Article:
Neymar is one of football's genuine superstars when it comes to commercial value. The Brazilian is in an elite group of marketable marvels along with Cristiano Ronaldo and Messi. He's Nike's future frontman, and with the Swoosh investing so heavily it's become apparent that the brand had a say in which clubs he should and shouldn't play for.

Brazilian media outlet UOL Esportes reckon they've managed to get hold of the 10-year endorsement deal that Neymar signed with Nike just before he joined Barcelona from Santos back in 2011, and it reveals some interesting facts. Deep into the small-print of the paperwork reveals that Neymar was only entitled to his full sponsorship money if he plays for a 'Category A' team, with his income decreasing if he was to drop down a tier.


Modern day athlete contracts are complex deals, the brands are throwing huge figures at their asset, and in turn want concrete return value. Did this influence his move to Barcelona? No, not really. At the time Neymar was always going to sign for what Nike considered a 'Category A' club, but it was a compensation clause for the Swoosh if Neymar wasn't a hit at the Camp Nou, and ended up moving on to another club.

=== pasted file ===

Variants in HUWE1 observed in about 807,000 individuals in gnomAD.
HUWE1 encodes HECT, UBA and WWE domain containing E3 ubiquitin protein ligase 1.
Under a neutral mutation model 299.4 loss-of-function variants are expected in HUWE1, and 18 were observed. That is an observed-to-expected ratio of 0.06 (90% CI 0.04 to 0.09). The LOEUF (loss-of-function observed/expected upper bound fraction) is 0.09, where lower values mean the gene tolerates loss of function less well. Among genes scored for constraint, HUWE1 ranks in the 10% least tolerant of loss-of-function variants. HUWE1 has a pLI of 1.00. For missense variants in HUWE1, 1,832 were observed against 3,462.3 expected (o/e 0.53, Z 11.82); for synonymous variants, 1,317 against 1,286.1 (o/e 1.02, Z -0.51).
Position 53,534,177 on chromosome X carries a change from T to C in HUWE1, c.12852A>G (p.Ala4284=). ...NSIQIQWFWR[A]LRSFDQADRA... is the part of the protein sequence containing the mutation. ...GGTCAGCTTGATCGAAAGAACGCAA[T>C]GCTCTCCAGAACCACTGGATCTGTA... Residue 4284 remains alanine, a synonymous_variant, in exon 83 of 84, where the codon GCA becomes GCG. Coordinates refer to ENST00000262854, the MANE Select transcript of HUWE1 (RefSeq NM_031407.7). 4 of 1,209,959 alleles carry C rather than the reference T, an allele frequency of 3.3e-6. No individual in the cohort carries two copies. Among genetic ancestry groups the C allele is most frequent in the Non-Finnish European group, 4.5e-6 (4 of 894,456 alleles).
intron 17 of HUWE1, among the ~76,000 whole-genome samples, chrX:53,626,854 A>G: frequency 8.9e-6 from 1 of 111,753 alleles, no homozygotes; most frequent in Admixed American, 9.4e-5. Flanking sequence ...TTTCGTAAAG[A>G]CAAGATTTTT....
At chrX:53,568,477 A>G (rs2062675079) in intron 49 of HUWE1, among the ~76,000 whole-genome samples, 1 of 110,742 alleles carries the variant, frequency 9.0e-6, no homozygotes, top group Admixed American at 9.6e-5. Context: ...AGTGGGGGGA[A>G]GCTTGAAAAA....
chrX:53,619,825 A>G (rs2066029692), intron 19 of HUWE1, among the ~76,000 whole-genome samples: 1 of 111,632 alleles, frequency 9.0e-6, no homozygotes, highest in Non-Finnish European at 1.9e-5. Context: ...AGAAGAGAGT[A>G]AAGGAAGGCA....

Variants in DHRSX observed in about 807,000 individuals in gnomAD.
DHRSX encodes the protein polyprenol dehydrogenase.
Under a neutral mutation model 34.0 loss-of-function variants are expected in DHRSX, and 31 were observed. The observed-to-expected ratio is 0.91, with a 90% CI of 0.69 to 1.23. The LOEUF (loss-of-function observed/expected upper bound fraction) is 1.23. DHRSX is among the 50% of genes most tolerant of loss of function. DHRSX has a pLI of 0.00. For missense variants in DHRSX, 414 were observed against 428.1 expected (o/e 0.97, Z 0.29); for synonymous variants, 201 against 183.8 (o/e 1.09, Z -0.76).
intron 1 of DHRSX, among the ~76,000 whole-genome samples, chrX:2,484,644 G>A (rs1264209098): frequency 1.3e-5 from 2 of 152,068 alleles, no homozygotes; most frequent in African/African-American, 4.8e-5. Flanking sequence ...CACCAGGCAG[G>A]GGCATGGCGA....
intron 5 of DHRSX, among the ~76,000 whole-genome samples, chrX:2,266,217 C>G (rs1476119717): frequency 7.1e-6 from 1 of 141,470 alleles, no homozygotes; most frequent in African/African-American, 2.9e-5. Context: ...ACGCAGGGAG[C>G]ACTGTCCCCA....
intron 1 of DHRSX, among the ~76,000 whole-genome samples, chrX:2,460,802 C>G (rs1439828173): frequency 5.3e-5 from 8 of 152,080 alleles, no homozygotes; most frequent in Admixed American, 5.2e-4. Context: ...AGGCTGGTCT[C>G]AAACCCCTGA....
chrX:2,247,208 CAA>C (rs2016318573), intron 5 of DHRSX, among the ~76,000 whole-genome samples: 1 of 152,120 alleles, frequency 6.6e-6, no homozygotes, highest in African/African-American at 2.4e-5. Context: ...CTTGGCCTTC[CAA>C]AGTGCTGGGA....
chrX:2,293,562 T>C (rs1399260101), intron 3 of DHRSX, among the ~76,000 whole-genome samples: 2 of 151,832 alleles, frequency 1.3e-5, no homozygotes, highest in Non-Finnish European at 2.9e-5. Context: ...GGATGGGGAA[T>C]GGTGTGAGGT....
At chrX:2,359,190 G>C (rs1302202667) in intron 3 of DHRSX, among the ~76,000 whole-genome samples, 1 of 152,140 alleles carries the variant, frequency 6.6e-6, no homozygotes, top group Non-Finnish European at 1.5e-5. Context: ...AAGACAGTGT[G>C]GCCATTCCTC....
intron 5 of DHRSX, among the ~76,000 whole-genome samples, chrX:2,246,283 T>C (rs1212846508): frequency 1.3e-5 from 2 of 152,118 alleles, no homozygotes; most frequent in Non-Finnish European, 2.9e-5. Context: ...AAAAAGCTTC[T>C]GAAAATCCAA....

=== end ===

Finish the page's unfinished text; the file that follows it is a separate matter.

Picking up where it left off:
Basically it avoided the very small chance that Neymar got shipped out on loan, or sold to a lesser club, and Nike were stuck paying Neymar more than he was earning them.


Nine clubs were listed by Nike as 'Category A' at the time (2011) and they were made up of; AC Milan, Arsenal, Barcelona, Bayern Munich, Chelsea, Inter Milan, Juventus, Manchester United and Real Madrid. If Neymar didn't sign for any of those clubs he would have looked at a 'Category B' club, which Nike defined as “every other team from a first division league that has qualified for the Champions League three times in the past five years”. If he signed for a 'Category B' club he would have earned a smaller percentage of his full endorsement.

Of course, the list is likely to be updated each year with PSG and Man City both now guaranteed to be in the 'Category A' list, especially considering their marketing potential with Nike's backing.


The report by UOL Esportes also claims that Neymar will receive $1million should he win the Ballon d'Or, as well as more bonuses should he win the World Cup, finish as top goalscorer, or named as Player of the Tournament. Better rest that foot kid, there's money in Moscow.

So, when there's a scrap over who should be taking a penalty it must be of slight frustration for a manager that two of his players could potentially be thinking about a financial bonus from a sports brand as they wrestle the ball from one another...